John Miller

Another individual who allegedly claimed to be Billy the Kid was John Miller, whose family supported his claim in 1938, some time after Miller's death. Miller was buried at the state-owned Pioneers' Home Cemetery in Prescott, Arizonamarker. Tom Sullivan, a former sheriff of Lincoln County, and Steve Sederwall, a former mayor of Capitan, disinterred the bones of John Miller in May 2005. DNA samples from the remains were sent to a lab in Dallas, Texasmarker, to be compared with traces of blood obtained from a bench that was believed to be the one upon which McCarty's body was placed after he was shot to death. The pair had been searching for McCarty's physical remains since 2003, starting in Fort Sumner, New Mexicomarker, and eventually ending up in Arizona. To date, no results of the DNA tests have been made public.

Selected references in popular culture

Billy the Kid has been the subject and inspiration for many popular works, including:


  • The Collected Works of Billy the Kid: Left-handed Poems, by Michael Ondaatje, 1970 Governor General's Award-winning biography in the form of experimental poetry.
  • Added as an immortal to Michael Scott's series Secrets of the Immortal Nicholas Flamel during the third book The Sorceress.
  • The Illegal Rebirth of Billy the Kid is a science fiction novel by Rebecca Ore, published in 1991.



  • "Billy the Kid", a folk song in the public domain, was published in John A. Lomax and Alan Lomax's American Ballads and Folksongs, and also their Cowboy Songs and Other Frontier Ballads.
  • "Billy the Kid" folksong sung by Woody Guthrie, recorded by Alan Lomax in 1940 for the Library of Congress (#3412 B2), with a melody Guthrie later used for his song "So Long, it's Been Good to Know You". He also recorded it in 1944 for Moe Asch's Asch/Folkways label (MA67).
  • Aaron Copland's Billy the Kid, a highly popular ballet he completed in 1939.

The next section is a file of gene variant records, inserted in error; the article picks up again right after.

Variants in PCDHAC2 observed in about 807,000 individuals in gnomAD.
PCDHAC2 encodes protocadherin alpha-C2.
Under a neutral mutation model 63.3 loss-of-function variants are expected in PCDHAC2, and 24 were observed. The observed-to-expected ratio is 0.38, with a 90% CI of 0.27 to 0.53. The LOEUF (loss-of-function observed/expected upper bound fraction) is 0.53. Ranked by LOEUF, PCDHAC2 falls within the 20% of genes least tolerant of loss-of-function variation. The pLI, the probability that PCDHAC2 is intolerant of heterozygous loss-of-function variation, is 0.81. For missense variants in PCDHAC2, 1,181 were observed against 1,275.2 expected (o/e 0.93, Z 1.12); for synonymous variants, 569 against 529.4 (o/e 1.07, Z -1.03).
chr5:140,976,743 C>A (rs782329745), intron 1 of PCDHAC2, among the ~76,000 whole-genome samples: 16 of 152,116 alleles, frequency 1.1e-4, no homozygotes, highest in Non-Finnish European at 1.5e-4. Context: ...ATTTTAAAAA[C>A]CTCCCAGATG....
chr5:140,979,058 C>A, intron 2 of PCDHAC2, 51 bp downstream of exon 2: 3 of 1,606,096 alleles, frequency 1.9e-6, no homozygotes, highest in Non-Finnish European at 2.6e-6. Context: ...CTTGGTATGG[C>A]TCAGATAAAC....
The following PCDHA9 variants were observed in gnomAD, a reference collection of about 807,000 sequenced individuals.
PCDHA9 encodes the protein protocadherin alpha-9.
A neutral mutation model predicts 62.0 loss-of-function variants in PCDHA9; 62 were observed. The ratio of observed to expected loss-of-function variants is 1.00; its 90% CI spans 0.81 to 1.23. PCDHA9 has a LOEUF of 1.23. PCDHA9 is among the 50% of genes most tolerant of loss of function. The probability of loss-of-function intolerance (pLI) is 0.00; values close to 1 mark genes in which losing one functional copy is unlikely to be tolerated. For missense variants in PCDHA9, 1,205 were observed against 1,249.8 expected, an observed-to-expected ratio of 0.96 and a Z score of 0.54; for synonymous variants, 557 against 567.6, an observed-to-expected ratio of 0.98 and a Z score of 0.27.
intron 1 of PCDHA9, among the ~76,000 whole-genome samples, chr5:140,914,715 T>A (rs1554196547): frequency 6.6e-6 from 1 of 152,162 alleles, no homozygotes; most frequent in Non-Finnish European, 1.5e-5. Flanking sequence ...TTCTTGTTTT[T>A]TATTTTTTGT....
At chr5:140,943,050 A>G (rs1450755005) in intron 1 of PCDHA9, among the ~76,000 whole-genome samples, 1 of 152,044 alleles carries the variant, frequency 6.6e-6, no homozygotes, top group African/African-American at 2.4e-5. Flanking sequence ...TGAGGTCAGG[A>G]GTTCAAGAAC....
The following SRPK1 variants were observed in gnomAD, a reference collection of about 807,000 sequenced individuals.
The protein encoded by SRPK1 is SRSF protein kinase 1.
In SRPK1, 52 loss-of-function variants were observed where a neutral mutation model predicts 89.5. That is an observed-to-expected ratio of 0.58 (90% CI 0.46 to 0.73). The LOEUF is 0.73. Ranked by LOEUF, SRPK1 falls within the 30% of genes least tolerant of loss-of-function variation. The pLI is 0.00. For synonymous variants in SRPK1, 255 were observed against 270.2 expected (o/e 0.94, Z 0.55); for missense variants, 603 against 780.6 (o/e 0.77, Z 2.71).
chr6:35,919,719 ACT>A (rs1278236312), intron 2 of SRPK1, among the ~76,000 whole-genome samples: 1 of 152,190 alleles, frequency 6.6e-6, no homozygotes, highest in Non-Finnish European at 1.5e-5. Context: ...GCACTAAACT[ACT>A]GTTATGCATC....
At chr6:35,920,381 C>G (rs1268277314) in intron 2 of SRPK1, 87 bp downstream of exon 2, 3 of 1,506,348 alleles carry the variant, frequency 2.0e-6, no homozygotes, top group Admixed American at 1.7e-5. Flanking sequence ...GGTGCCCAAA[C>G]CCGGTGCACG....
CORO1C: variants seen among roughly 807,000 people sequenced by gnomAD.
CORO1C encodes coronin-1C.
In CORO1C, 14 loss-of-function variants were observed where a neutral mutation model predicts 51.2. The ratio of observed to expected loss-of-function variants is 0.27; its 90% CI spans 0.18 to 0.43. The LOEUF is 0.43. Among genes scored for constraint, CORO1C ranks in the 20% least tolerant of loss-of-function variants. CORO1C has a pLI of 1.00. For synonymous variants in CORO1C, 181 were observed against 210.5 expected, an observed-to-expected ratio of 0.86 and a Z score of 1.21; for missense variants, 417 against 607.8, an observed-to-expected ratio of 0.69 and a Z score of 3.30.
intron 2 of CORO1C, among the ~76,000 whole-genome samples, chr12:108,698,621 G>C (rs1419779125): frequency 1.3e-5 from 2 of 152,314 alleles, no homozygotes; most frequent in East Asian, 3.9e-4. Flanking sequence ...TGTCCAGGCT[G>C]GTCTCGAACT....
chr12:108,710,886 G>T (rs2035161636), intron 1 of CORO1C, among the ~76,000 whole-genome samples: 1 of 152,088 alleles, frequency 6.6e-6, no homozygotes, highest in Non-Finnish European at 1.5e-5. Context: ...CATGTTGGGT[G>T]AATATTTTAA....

• Bob Dylan's album Pat Garrett and Billy the Kid, soundtrack of the 1973 film by Sam Peckinpah.
  • Jon Bon Jovi's album Blaze of Glory, used as part of the soundtrack for Young Guns II, and featured the song "Billy Get Your Gun".
  • Marty Robbins' song "Billy the Kid" from the album Gunfighter Ballads & Trail Songs Volume 3.
  • Marty Robbins' song "Fastest Gun Around" from the 1963 album Return of the Gunfighter.
  • Dave Stamey's "The Skies of Lincoln County", which features the deceased Bonney as narrator, answering historical distortions by Pat Garrett.
  • Ry Cooder recorded the folk song "Billy the Kid", on the album Into The Purple Valley, with his own melody and instrumental. It was also on Ry Cooder Classics Volume II.


Television and radio

See also


  1. Wallis (2007), p. 244.
  2. Wallis (2007), p. 129.
  3. Rasch (1995), p. 126.
  4. Utley (1989), p. 15.
  5. Wallis (2007), pp. 244–245.
  6. Wallis (2007), pp. 249—250.
  7. Wallis (2007), p. 6.
  8. Utley (1989), p. 2.
  9. Wallis (2007), pp. 153—156.
  10. Wallis (2007), p. 14.
  11. Wallis (2007), p. 16.
  12. Utley (1989), p. 1.
  13. Wallis (2007), pp. 52—56.
  14. Wallis (2007), p. 78.
  15. Wallis (2007), pp. 55—56.
  16. Wallis (2007), p. 64.
  17. Utley (1989), p. 6.
  18. Wallis (2007), p. 76.
  19. Wallis (2007), 84—85.
  20. Wallis (2007), p. 83.
  21. Wallis (2007), p. 87.
  22. Wallis (2007), pp. 87—88.
  23. Wallis (2007), p. 89.
  24. Wallis (2007), p. 95.
  25. Wallis (2007), p. 103.
  26. Wallis (2007), p. 107.
  27. Wallis (2007), pp. 110—111.
  28. Utley (1989), p. 16.
  29. Wallis (2007), p. 114.
  30. Wallis (2007), p. 115.
  31. Wallis (s007), p. 116.
  32. Wallis (2007), p. 119.
  33. Wallis (2007), p. 128.
  34. Wallis (2007), pp. 123—131.
  35. Heiskell Jones in Fort Stanton, New Mexico, in the Pecos Valley.
  36. Wallis (2007), p. 144.
  37. Wallis (2007), p. 159.
  38. Wallis (2007), pp. 193—196.
  39. Wallis (2007), pp. 196—197.
  40. Wallis (2007), pp. 197—198.
  41. Utley (1989), p. 46.
  42. Nolan (1965), p. 272.
  43. Jacobsen (1994), pp. 87—90.
  44. Wallis (2007), pp. 198—199.
  45. Wallis (2007), p. 199.
  46. Jacobsen (1994), pp. 107—108.
  47. Wallis (2007), p. 200.
  48. Wallis (2007), pp. 200—201.
  49. Jacobsen (1994), pp. 111—112.
  50. Burns (1953/1992), pp. 89—90.
  51. Burns (1953/1992), p. 90.
  52. Wallis (2007), p. 201.
  53. Jacobsen (1994), pp. 44–45.
  54. Jacobsen (1994), pp. 51–52.
  55. Wallis (2007), p. 199.
  56. Wallis (2007), p. 202.
  57. Jacobsen (1994), p. 133.
  58. Wallis (2007), p. 203.
  59. Burns (1953/1992), pp. 97—98.